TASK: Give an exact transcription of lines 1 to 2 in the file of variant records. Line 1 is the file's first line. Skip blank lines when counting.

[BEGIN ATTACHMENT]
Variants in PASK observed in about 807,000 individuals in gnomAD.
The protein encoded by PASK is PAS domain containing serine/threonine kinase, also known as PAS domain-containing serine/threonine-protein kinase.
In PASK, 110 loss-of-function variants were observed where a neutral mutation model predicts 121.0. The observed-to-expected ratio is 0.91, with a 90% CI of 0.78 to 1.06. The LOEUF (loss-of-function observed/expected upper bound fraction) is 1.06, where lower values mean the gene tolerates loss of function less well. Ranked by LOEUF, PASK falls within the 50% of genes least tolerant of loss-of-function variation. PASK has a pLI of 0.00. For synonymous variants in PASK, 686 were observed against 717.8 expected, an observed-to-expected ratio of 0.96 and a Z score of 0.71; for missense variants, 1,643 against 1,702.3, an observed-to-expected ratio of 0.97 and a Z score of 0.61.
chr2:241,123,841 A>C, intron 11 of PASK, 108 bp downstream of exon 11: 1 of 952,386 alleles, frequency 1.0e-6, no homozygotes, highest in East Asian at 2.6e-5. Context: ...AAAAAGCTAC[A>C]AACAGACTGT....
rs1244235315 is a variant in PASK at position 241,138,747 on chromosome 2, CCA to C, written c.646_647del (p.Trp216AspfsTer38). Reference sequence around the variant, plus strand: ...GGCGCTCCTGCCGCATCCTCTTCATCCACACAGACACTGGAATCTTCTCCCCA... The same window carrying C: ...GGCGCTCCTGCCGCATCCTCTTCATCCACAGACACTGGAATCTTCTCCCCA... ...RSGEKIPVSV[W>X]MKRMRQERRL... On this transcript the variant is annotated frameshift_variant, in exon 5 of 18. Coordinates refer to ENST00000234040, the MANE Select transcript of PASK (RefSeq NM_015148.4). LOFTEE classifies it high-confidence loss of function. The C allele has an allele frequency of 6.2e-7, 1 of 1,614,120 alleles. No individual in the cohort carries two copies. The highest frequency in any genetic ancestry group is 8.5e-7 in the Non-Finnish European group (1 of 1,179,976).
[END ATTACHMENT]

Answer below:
Variants in PASK observed in about 807,000 individuals in gnomAD.
The protein encoded by PASK is PAS domain containing serine/threonine kinase, also known as PAS domain-containing serine/threonine-protein kinase.